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Power plant a hazardPower plant a hazard

AOPA opposes Connecticut proposalAOPA opposes Connecticut proposal

Connecticut state Sens. Joseph J. Crisco Jr. and Joan V. Hartley held a press conference with local pilots and state officials in December voicing opposition to a proposed power plant located about a half mile east of Waterbury-Oxford Airport. Photo by Steven Valenti, courtesy of the Republican-American, Waterbury, Connecticut.

AOPA has added its formal opposition to a proposed power plant in Connecticut as state officials begin public hearings this week on the application by Competitive Power Ventures to build a facility even larger than the 512-megawatt plant approved in 1999 (but never built) half a mile from Waterbury-Oxford Airport.

Local pilots and property owners are among those opposed, with aviators noting that the larger facility now under consideration by the Connecticut Siting Council would include 150-foot smoke stacks beneath the traffic pattern.

Paul Coward of Oxford holds up a Protect Our Pilots sign during a press conference with local pilots and state officials protesting the proposed Towantic Energy Center at Oxford Airport in Oxford in December. Photo by Steven Valenti, courtesy of the Republican-American, Waterbury, Connecticut.

“The proposed construction of the Towantic Energy facility represents a risk to aircraft operations at the airport and is not a compatible land use,” AOPA Airport Policy Manager John Collins wrote in a Jan. 13 letter to the council, which must approve the expanded construction plan before the plant can be built. “It is a poor application of public policy to allow the facility to pose a risk to the health, welfare and safety of pilots and passengers conducting normal operations at OXC.”

The Siting Council has heard from many interested parties on both sides of the issue. The Republican-American of Waterbury, Connecticut, reported Jan. 10 that an economic study by the state university found the 805-megawatt plant now proposed would create 2,300 construction jobs and 1,800 jobs during operation, and generate $1 billion in private infrastructure investment. Collins, meanwhile, noted that several of the plant’s physical features would constitute obstructions as defined by federal aviation regulations, and noted that studies conducted by the FAA found that vertical plumes (hot gases coming from the smoke stacks) create hazards that are “incompatible with airports.” The proposed structures would penetrate the horizontal plane of the airport’s protected area by as much as 104 feet.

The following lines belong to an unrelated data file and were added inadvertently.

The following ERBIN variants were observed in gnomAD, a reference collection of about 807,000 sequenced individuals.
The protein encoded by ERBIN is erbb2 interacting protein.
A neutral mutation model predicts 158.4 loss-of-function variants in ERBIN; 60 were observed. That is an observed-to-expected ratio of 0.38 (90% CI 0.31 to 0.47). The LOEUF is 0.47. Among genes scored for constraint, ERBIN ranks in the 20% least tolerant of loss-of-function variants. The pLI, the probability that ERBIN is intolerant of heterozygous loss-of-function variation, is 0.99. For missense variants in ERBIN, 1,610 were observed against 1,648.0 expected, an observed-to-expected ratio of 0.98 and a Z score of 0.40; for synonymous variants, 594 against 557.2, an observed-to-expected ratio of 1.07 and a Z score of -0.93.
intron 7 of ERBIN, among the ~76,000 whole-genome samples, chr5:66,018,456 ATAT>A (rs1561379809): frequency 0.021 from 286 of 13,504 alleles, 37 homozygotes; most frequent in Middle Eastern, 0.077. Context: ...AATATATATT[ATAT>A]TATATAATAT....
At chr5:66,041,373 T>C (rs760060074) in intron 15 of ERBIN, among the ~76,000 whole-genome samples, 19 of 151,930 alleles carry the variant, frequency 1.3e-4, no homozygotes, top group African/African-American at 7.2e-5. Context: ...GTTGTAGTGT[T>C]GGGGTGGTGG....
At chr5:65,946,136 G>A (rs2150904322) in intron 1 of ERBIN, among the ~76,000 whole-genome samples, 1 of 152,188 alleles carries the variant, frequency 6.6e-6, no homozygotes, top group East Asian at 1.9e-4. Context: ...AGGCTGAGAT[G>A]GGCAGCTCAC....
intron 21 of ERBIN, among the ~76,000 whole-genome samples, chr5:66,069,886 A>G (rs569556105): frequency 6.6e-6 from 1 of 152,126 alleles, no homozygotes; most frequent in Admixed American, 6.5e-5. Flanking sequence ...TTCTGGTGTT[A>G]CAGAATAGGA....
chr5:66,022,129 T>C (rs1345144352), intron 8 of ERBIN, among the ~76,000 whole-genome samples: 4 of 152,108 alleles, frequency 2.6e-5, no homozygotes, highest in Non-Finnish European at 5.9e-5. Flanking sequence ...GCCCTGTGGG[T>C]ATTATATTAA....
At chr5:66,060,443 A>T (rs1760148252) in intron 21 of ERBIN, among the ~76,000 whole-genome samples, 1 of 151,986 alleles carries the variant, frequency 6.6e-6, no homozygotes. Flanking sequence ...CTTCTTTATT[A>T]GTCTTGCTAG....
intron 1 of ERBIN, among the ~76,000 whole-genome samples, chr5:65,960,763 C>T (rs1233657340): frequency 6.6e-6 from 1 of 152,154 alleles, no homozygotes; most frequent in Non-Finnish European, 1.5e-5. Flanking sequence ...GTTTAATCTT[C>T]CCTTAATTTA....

The would-be developer told a local television station that aviation-related concerns will be addressed as the application process moves forward.

"The current proposed modifications seek to significantly improve the design relative to compatibility with the Oxford Airport," the company said in a statement. "We look forward to continuing to work with the community as this process moves forward."

It remains unclear how the dual hazards of obstructions built about half a mile from the airport’s runway, or turbulence associated with the operation of the plant, can be effectively ameliorated. Collins said AOPA staff will continue to monitor the situation, and provide additional information to local officials as needed.

Jim Moore

Jim Moore

Editor
AOPA Online Editor Jim Moore joined AOPA in 2011 and is an instrument-rated private pilot who enjoys competition aerobatics.
Topics: Advocacy, Airport Advocacy, Obstruction Hazards

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